Factors driving the future of roof coatings

Photo courtesy GAF

By Steve Wolf
As building owners have increasingly realized the cost benefits of completing roof restorations rather than reroofing, the demand for roof coatings has similarly grown. The global coatings market stands at approximately $9 billion as of last year, and is projected to double by 2021. (These numbers were obtained from “Elastomeric Coating Market Worth 13.58 Billion USD by 2021,” which can be viewed here.) Roof and wall coatings certainly comprise a substantial portion of this.

Building owners are investing in roof assets more than ever, as roof coatings afford more options than the former protocol of doing nothing until complete tear-off. The emphasis on and demand for higher-quality coatings with longer life cycles has never been more prevalent. External factors such as the continued prominence of reflective coatings, legislation restricting volatile organic compounds (VOCs), and interest in sustainable products are also critical. As market trends and customer needs evolve, so too must the manufacturers who supply solutions.

Taking life cycle costs into account
Perhaps the paramount development in the coatings market in the past 10 years has been the shift from implementing short-term ‘quick fixes’ to longer-lasting and more cost-effective roofing solutions. Life cycle cost analyses have become an increasingly common and helpful resource for building owners and property managers—these decision-makers are realizing restoring a roof with a high-quality coating is more cost-effective in the long term than either reroofing or applying a lower-quality coating. The increased growth in the coatings market supports the trend of facility managers more proactively investing in their roof assets.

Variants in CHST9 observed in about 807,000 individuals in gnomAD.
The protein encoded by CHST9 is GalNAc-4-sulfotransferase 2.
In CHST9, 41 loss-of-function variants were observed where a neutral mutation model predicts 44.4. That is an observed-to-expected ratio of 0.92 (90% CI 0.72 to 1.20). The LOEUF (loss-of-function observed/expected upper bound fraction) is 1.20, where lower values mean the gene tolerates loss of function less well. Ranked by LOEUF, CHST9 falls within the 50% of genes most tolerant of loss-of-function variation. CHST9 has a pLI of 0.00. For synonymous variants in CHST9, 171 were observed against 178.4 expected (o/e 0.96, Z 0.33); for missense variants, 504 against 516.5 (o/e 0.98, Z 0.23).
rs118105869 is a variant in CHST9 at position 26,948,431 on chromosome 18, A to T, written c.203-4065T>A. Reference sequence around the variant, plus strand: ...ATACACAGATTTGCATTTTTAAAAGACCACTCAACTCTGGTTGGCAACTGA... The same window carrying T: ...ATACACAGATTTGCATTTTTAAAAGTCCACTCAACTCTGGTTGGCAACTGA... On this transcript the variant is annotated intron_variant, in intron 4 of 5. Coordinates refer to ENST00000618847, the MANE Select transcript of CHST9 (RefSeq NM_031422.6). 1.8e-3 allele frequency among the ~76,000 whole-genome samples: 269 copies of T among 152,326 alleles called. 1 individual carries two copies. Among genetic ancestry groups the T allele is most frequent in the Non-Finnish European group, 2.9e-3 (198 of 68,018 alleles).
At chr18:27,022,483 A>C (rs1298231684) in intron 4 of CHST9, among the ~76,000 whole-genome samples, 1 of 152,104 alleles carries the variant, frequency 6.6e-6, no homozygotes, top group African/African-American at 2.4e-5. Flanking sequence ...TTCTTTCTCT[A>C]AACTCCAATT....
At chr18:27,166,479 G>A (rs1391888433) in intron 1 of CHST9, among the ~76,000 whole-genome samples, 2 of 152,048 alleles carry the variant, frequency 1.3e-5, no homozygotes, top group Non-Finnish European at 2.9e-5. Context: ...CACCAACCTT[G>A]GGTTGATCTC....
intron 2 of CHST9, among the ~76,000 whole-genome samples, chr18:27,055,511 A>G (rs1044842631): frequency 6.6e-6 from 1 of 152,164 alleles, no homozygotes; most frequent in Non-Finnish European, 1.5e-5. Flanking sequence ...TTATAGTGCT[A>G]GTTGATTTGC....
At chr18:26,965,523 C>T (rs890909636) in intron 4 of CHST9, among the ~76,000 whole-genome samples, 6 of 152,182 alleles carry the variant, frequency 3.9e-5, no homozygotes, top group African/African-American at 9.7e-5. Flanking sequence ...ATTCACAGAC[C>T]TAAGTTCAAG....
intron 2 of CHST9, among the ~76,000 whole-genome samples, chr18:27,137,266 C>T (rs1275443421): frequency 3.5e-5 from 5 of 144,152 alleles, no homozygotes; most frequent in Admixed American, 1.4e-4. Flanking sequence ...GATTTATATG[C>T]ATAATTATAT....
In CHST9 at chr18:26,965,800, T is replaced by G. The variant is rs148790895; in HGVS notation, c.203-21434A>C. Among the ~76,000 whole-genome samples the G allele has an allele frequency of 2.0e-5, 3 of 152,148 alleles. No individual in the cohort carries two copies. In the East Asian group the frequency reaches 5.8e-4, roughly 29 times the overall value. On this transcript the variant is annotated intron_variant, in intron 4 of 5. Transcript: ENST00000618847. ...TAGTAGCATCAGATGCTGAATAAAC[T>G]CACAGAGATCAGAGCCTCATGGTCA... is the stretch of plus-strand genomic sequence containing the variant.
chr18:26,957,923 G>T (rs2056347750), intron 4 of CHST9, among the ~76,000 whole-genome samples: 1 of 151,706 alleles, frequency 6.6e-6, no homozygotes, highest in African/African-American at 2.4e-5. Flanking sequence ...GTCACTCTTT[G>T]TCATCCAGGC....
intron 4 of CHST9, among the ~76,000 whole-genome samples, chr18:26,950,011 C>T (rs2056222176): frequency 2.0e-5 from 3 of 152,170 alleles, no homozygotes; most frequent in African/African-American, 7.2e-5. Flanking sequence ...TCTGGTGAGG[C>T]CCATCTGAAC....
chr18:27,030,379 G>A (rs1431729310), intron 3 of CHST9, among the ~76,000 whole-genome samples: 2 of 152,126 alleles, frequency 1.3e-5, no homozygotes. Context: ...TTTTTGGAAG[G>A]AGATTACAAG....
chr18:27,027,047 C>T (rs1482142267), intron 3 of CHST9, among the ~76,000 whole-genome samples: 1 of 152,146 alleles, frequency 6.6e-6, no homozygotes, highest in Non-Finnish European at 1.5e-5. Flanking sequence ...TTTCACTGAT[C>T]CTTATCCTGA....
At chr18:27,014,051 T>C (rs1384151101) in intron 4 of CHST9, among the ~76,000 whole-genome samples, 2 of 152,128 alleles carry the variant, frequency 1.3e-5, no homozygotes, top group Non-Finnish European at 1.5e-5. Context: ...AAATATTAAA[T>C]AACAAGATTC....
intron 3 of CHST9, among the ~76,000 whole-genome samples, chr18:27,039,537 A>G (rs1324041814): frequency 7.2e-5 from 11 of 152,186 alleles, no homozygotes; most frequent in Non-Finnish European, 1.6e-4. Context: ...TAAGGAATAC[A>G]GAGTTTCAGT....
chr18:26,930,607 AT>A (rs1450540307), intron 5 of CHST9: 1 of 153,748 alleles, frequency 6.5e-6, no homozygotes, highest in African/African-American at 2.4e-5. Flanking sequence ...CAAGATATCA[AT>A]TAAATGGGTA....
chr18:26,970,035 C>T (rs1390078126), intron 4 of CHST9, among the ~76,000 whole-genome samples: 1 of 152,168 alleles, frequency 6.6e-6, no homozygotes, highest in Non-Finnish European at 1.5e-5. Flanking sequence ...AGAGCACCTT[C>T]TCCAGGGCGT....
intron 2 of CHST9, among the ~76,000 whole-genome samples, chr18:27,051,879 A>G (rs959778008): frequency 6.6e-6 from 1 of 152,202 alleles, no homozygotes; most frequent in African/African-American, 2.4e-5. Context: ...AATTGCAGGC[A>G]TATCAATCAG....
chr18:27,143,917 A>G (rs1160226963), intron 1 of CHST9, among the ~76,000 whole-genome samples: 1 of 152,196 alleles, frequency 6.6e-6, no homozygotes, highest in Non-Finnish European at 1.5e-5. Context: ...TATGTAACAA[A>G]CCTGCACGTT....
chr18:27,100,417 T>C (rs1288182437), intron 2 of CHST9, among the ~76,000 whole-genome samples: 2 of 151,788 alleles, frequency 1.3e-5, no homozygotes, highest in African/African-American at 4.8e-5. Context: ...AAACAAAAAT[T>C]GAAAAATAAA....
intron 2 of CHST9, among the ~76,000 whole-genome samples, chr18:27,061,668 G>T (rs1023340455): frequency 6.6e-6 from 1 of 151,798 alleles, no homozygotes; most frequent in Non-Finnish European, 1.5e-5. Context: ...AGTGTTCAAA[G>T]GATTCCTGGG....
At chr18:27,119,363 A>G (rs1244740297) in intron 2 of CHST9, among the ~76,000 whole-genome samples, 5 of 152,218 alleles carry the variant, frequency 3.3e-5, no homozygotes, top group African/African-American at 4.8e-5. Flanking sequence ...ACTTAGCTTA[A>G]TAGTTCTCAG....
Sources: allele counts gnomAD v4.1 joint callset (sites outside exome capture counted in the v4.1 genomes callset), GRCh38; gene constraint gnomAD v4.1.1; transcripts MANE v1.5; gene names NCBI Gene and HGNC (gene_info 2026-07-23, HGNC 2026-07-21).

It is imperative to remember the initial cost of a roof is only a portion of the total cost of ownership over its lifespan. While cheaper coating options may initially save a few dollars, the inevitable recoating requirement in the next three to five years will be exponentially more costly in time, labour, and material. Given these additional costs, it is a much wiser decision to invest in a superior, more durable coating from the beginning—one that will be serviceable for a decade or longer.

This photo shows the application of cold-process adhesives. Cold-applied adhesives have increased cold-temperature flexibility and improved ultraviolet (UV) resistance, which extend the life of the roof.
Photos courtesy The Garland Company

Reflective coatings are dominating the marketplace
Another trend gaining momentum in the coatings industry is the increasing popularity of reflective—primarily white—coatings, as building owners begin to realize high-quality reflective coatings save money over their service lives through their reduction of energy costs. (An article on the growth of this trend in the United States, “Increasing Demand for Roof Coatings,” was published in April 2012.) In cooler climates, reflective coatings remain popular due to their crisp, sleek esthetic appeal, and can still offer owners some energy expenditure relief. These coatings—which are most often acrylics, polyurethanes, silicones, and polyvinylidene fluorides (PVDFs)—tend to be lower in VOCs than their bituminous-based counterparts, and can provide energy savings for building owners.

Reflective coatings are often seen as synonymous with white coatings, but they can also be aluminized. Both aluminized and white reflective coatings keep buildings cooler by protecting the roof from the sun’s harmful ultraviolet (UV) rays, and can aid in extending the service life of the entire building envelope. Coatings with reflective properties are also less vulnerable to drying out and cracking than coatings or roofs left with bare cap sheets, exposed asphalt, and even wall joint-sealants. Preventing such premature aging is the first step toward preventing leaks. As more data continues to compile citing the environmental and cost benefits of reflective roofs, their popularity will only continue to grow.

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